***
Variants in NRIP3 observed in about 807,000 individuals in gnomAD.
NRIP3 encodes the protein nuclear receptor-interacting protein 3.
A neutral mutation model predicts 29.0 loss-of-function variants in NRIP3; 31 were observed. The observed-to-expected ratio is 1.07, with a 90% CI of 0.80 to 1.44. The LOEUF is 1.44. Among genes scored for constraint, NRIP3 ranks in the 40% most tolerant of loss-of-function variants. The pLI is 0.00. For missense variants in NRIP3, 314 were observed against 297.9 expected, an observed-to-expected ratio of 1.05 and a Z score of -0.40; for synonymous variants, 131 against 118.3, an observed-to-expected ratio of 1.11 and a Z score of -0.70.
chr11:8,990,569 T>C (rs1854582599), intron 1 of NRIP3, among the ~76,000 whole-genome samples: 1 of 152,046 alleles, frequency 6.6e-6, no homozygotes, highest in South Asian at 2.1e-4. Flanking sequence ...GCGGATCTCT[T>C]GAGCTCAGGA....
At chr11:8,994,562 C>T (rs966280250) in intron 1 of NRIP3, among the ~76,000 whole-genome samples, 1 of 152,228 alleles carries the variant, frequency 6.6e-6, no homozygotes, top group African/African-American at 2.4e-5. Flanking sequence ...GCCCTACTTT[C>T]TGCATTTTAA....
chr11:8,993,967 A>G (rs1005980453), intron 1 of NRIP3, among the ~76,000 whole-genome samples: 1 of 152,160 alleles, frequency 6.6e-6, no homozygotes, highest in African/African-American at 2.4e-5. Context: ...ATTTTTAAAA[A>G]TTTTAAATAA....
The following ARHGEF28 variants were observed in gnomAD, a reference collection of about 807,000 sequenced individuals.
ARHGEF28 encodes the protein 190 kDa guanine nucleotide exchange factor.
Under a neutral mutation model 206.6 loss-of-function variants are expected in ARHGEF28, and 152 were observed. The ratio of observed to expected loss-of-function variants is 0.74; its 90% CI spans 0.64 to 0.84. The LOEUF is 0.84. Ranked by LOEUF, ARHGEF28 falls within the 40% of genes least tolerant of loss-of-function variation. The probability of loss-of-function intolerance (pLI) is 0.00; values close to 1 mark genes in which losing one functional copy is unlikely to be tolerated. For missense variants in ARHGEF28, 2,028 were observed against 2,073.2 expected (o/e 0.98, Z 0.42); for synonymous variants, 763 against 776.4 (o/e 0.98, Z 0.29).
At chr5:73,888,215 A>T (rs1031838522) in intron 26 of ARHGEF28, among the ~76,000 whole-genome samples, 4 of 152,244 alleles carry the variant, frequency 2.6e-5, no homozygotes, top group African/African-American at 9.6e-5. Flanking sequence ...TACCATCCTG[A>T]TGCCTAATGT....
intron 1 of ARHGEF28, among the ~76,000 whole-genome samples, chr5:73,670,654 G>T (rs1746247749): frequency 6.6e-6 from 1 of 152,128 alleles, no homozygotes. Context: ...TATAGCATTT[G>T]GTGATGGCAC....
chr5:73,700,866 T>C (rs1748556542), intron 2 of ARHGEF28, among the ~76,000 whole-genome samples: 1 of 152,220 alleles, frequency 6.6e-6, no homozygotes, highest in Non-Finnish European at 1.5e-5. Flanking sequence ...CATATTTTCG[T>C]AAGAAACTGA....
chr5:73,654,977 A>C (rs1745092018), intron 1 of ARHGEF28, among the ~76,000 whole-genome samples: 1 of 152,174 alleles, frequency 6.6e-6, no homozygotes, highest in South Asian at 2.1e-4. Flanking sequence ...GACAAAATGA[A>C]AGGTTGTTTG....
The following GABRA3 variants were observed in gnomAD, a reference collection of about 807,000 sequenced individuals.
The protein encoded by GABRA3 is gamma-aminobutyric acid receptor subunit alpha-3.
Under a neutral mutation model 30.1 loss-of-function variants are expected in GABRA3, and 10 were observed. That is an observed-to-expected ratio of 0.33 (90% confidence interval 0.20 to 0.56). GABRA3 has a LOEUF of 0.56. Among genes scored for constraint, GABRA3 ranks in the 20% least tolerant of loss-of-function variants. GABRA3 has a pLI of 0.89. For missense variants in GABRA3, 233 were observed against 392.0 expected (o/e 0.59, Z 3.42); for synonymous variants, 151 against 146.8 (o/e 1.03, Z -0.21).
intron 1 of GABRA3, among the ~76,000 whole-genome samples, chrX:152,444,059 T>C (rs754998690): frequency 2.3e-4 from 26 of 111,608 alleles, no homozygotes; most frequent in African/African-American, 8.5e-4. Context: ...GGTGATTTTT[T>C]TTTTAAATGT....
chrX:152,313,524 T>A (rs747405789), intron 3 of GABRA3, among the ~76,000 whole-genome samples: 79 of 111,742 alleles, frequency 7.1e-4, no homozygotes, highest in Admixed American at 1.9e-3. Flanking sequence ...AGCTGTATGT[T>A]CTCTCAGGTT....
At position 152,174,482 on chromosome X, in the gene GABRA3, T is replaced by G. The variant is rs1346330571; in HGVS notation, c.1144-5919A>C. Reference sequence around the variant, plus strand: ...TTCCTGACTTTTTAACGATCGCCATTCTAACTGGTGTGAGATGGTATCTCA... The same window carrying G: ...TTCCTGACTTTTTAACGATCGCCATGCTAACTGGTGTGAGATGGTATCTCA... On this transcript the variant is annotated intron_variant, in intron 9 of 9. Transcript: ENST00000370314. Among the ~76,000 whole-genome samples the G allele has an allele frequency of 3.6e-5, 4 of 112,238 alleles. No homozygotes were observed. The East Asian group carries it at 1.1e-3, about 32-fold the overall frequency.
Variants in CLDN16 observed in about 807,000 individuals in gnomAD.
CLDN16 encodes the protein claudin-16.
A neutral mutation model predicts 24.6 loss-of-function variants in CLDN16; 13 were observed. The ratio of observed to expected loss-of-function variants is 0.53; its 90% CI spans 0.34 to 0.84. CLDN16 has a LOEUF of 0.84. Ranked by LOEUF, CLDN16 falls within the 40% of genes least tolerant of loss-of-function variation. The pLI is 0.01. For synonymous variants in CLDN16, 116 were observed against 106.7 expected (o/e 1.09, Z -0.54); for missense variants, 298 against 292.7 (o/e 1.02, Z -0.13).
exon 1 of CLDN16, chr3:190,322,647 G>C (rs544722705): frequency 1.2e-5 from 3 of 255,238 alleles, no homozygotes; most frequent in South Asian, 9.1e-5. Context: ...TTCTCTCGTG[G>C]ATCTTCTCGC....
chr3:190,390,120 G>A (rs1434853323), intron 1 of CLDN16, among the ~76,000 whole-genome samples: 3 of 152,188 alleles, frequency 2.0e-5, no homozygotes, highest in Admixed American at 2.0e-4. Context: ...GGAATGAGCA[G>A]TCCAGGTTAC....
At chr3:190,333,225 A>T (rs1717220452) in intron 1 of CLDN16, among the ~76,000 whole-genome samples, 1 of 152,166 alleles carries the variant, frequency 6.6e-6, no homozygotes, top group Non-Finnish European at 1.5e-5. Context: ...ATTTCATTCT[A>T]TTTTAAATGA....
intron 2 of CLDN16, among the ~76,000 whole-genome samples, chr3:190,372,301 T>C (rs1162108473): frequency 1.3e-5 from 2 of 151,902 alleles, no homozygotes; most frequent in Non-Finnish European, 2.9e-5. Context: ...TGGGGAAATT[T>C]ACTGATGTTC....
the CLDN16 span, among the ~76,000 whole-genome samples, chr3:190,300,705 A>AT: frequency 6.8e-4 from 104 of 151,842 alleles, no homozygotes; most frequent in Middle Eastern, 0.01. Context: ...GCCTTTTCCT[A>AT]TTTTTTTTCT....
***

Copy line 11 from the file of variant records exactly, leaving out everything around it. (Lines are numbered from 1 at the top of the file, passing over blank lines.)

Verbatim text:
intron 1 of ARHGEF28, among the ~76,000 whole-genome samples, chr5:73,670,654 G>T (rs1746247749): frequency 6.6e-6 from 1 of 152,128 alleles, no homozygotes. Context: ...TATAGCATTT[G>T]GTGATGGCAC....